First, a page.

You could hope you can decide on your own car’s value. You don’t. The association or agency you deal with follows an established rate based on the year and model you plan on driving.

So for those of you thinking about overlanding across the world with a state of the art brand new vehicle, budget your trip carefully. The amount of money you’ll have to put aside as a deposit has ruined many dreams. Another reason you often see people roaming the world in “older” rigs.

The list of countries requiring CDP and the certified issuing associations for each.


Benin: Automobile Club de France
Bophuthatswana: Automobile Association of South Africa
Botswana: Automobile Association of South Africa
Burkina Faso: Automobile Club de France
Cameroun: Automobile Club de France
Central African Republic: Automobile Club de France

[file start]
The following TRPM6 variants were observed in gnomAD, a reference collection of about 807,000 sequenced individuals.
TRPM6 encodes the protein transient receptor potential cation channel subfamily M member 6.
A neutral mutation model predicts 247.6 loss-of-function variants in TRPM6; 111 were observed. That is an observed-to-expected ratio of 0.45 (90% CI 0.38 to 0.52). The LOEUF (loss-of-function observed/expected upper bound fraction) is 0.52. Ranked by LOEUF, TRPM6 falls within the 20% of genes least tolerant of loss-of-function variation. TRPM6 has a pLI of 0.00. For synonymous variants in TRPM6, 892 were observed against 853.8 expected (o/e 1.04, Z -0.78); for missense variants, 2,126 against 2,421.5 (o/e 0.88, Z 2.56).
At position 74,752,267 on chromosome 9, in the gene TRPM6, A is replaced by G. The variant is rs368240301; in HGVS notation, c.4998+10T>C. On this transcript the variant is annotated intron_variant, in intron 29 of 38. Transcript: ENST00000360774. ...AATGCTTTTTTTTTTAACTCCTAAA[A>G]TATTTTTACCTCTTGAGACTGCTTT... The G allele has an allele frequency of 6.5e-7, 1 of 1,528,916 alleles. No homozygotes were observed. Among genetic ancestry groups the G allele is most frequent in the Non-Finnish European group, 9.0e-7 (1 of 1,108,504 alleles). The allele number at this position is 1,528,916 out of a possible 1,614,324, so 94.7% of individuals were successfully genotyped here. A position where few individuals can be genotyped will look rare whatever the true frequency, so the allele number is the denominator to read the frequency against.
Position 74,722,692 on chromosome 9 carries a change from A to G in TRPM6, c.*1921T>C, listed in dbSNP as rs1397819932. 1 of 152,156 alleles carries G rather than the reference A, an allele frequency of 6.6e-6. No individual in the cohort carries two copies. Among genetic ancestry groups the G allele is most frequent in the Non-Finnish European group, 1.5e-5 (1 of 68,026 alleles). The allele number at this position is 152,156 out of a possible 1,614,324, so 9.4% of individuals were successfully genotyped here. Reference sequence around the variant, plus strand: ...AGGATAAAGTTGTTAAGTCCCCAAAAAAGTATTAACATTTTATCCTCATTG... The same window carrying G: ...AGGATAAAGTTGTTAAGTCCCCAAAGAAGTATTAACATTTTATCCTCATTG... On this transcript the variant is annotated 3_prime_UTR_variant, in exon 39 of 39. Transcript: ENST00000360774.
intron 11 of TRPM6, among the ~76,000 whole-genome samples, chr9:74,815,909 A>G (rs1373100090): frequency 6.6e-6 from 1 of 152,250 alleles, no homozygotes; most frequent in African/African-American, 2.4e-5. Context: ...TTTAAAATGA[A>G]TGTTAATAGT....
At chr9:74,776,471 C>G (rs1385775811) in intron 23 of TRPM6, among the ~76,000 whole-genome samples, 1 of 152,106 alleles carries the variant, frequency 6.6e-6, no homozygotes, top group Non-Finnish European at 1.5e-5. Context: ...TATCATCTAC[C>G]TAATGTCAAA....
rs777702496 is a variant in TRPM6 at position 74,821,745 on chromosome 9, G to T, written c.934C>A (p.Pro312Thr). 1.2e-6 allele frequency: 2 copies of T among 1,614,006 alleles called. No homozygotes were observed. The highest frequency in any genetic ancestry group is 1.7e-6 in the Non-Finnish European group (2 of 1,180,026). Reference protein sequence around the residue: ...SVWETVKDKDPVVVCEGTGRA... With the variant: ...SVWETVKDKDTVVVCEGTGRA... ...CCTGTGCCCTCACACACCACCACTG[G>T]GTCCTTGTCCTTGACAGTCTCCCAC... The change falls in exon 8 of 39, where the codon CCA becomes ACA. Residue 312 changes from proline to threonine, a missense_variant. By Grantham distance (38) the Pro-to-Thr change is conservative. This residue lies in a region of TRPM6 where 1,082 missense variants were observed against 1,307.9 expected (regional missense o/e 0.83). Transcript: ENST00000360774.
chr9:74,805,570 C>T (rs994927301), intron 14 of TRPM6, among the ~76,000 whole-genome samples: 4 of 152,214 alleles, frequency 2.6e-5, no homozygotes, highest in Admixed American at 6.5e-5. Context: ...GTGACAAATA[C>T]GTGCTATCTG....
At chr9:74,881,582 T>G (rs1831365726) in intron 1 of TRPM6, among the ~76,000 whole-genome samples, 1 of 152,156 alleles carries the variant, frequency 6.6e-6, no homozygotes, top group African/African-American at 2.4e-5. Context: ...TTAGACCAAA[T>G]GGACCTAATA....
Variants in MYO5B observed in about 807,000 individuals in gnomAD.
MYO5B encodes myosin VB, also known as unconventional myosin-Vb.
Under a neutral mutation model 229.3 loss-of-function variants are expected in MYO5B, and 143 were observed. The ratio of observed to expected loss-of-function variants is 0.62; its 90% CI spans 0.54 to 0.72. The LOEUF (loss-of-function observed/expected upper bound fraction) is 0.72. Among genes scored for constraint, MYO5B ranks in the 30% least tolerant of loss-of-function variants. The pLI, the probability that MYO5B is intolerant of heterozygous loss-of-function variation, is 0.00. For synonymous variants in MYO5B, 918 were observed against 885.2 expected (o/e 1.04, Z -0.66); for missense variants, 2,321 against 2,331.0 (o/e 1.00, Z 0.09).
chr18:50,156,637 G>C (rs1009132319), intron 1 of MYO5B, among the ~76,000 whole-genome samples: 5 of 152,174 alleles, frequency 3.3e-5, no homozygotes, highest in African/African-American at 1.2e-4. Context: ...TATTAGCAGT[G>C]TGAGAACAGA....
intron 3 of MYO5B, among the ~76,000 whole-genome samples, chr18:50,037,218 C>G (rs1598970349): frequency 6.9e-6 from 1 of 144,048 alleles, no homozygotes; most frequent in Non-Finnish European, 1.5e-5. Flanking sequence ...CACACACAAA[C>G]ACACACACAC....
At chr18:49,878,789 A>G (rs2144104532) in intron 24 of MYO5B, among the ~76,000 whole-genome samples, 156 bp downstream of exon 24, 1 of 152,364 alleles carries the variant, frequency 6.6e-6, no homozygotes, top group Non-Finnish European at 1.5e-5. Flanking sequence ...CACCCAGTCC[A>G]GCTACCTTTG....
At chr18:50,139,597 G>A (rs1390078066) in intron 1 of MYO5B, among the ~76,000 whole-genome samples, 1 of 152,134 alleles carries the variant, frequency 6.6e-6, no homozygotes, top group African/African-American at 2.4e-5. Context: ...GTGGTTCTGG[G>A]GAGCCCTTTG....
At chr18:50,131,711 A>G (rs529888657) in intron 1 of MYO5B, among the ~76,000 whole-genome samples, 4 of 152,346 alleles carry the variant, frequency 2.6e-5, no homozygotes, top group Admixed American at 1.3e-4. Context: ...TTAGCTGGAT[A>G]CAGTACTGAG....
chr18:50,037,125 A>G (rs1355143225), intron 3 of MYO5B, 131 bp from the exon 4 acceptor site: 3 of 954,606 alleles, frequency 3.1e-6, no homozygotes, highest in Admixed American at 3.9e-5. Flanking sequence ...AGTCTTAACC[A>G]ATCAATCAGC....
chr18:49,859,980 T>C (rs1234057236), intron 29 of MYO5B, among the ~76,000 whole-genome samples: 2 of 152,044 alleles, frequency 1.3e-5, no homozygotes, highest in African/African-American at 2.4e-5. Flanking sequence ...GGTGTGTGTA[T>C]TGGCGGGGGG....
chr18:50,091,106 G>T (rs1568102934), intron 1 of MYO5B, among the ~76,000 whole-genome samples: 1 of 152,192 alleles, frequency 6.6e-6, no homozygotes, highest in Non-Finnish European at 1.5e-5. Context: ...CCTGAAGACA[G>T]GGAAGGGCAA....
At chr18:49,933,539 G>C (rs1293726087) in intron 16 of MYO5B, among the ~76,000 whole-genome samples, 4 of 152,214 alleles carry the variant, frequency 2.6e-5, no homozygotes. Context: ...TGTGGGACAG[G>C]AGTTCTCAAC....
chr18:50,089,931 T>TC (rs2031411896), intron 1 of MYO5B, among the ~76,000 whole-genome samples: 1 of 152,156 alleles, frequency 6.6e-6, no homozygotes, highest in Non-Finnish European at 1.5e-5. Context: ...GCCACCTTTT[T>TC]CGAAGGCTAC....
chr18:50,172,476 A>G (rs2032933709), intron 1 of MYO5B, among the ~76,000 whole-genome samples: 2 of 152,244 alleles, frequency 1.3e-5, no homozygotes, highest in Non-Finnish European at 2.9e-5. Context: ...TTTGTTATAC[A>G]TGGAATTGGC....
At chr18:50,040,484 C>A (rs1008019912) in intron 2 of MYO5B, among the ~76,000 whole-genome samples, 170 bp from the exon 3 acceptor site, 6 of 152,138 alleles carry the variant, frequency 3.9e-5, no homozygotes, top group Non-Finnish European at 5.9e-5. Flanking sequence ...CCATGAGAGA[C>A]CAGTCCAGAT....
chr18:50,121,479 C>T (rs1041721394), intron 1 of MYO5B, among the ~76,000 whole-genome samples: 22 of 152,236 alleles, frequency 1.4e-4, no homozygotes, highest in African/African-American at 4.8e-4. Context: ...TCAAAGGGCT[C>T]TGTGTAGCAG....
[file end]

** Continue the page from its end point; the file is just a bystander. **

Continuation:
Chad: Automobile Club de France
Ciskei: Automobile Association of South Africa
Comoros: Automobile Club de France
Congo: Automobile Club de France
Egypt: Automobile & Touring Club d’Egypte
Gabon: Automobile Club de France
Guinea-Bissau: Automobile Club de France
Ivory Coast: Automobile Club de France
Kenya: Automobile Association of Kenya
Lesotho: Automobile Association of South Africa
Libya: Automobile & Touring Club de Libye
Madagascar: Automobile Club de France
Malawi: Automobile Association of Zimbabwe
Mali: Automobile Club de France
Mauritania: Automobile Club de France
Namibia: Automobile Association of South Africa
Niger: Automobile Club de France
Senegal: Touring Club du Sénégal
South Africa (Republic of): Automobile Association of South Africa
Swaziland: Automobile Association of South Africa
Togo: Automobile Club de France
Zimbabwe: Automobile Association of Zimbabwe


Argentina: Automovil Club Argentino
Canada: Canadian Automobile Association
Chile: Automovil Club de Chile
Colombia: Touring y Automovil Club de Colombia
Costa Rica: Automovil – Touring Club de Costa Rica
Dutch Antilles: Koninklijke Nederlandse Toeristenbond ANWB
Ecuador: Automovil Club del Ecuador (ANETA)
Mexico: Automovil Club de Mexico